principle of virtue, and humbly adores an Al-
mighty power, may be of that number who
fear God and work righteousness.

I believe the bishop of Rome assumes a
power that does not belong to any officer in
the church of Christ ; and if I should know-
ingly do any thing tending to strengthen him
in that capacity, it would be great iniquity.
There are many thousands of people, who by
their profession acknowledge him to be the
representative of Jesus Christ on earth ; and
to say that none of them are upright in heart,
would be contrary to my sentiments.

Men who sincerely apply their minds to
true virtue, and find an inward support from
Vol. IV.вАФ No. 11.

above, by which all vicious inclinations are
made subject ; that they love God sincerely,
and prefer the real good of mankind univer-
sally to their own private interest; though
these through the strength of education and
tradition, may remain under some speculative
and great errors, it would be uncharitable to
say, that therefore God rejects them. He
who creates, supports and gives* understand-
ing to all men, possesses knowledge and good-
ness superior to the various cases and circum-
stanced of his creatures, which to us appear
the most difficult.

The apostles and primitive Christians did
not censure all the Gentiles as wicked men,
Rom. ii. 14., Col. iii. 11.; but as they were
favoured with a gift to discern things more
clearly, respecting the worship of the true
God, they with much firmness declared against
the worshipping of idols, and with true pa-
tience endured many sufierings on that ac-

Great numbers of faithful Protestants, have
contended for the Truth, in opposition to papal
errors; and with true fortitude laid down their
lives in the conflict, without saying, that no
man was saved who made profession of that

While we have no right to keep men as
servants for term of life, but that of superior
power ; to do this with design to profit our-
selves and our families by their labour, I be-
lieve is wrong ; but I do not believe that all
who have kept slaves, have therefore been
chargeable with guilt. If their motives thereto
were free from selfishness, and their slaves
contented, they were a sort of freemen; which
I believe hath sometimes been the case.

Whatever a man does in the spirit of chari-
ty, to him it is not sin : and while he lives

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and acts in this spirit, he learns all things
essential to his happiness as an individual:
and if he doth not see that any injury or in-
justice to any other person, is necessarily pro-
moted by any part of his form of government,
I believe the merciful Judge will not lay ini-
quity to his charge. Yet others, who live in

the same spirit of charity, from a clear con-
vincement, may see the relation of one thing
to another, and the necessary tendency of
each ; and hence it may be absolutely binding
on them to desist from some parts of conduct,
which some good men have been in.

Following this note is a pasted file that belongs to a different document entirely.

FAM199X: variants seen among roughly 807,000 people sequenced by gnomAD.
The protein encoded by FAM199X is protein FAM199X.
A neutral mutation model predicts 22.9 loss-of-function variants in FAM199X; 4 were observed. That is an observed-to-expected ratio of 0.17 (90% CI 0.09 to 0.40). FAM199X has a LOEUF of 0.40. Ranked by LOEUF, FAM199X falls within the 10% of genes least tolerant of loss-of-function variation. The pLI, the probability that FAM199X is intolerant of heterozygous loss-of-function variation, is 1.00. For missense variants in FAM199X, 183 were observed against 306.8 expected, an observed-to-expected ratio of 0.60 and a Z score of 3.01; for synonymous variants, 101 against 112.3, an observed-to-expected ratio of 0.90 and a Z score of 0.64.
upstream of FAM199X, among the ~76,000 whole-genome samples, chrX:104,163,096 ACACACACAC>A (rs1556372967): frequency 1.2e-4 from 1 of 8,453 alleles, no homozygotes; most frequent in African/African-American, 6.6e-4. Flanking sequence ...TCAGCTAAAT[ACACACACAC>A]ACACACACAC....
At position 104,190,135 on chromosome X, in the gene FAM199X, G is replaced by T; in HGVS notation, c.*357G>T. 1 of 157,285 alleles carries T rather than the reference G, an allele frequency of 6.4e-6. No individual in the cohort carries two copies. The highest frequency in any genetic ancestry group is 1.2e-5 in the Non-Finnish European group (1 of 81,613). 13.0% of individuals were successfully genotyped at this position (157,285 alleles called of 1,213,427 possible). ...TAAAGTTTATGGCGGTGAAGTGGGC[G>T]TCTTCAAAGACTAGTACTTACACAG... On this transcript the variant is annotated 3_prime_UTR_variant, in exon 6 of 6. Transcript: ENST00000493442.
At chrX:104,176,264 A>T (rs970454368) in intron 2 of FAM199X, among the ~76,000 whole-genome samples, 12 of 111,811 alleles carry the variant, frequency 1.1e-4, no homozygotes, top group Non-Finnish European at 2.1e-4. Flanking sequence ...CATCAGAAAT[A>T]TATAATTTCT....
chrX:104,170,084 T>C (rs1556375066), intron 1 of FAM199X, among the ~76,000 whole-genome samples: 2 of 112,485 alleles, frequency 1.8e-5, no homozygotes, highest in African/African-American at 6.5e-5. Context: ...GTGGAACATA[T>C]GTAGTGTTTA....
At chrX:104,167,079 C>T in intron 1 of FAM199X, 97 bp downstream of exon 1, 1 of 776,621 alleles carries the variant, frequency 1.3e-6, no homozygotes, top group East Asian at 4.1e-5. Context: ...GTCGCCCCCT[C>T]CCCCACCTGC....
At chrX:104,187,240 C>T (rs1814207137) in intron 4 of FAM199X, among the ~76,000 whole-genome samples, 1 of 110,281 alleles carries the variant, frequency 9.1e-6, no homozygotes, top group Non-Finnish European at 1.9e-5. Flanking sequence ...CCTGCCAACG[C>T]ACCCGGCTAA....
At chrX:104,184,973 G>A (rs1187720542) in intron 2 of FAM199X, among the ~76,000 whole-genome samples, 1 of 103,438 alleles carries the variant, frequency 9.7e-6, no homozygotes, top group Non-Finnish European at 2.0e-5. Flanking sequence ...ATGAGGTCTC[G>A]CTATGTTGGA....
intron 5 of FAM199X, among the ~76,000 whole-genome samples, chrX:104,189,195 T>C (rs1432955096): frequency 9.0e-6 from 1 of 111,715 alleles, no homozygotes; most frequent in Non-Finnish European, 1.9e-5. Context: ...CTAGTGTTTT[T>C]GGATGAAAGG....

As some in most religious societies amongst
the English are concerned in importing or
purchasing the inhabitants of Africa as slaves;
and as the professors of Christianity of seve-
ral other nations do the like ; these circum-
stances tend to make people less apt to ex-
amine the practice as closely as they would,
if such a thing had not been, but was now
proposed to be entered upon. It is however
our duty, and what concerns us individually,
as creatures accountable to our Creator, to
employ rightly the understanding which he
hath given us, in humbly endeavouring to be
acquainted with his will concerning us, and
with the nature and tendency of those things
which we practice. For as justice remains to
be justice, so many people of reputation in the
world, joining with wrong things, does not
excuse others in joining with them, nor make
the consequence of their proceedings less
dreadful in the final issue, than it would
otherwise be.

Where unrighteousness is justified from
one age to another, it is like dark matter ga-
thering into clouds over us. We may know
that this gloom will remain till the cause be
removed by a reformation, or a change of
times, and ihay feel a desire from a love of
equity, to speak on the occasion ; yet where
error is so strong, that it may not be spoken
against without a prospect of some inconveni-
ence to the speaker, this difficulty is likely to
operate on our weakness, and quench the
good desires in us ; except we dwell so steadi-
ly under the weight of it, as to be made wil-
ling to " endure hardness" on that account.

Where men exert their talents against vices
which are generally accounted such, the ill
effects whereof are presently perceived in a
government, all men who regard their own
temporal good, are likely to approve the work.
But when that which is inconsistent with per-
fect equity, has the law or the countenance of
the great in its favour, though the tendency
thereof be contrary to the true happiness of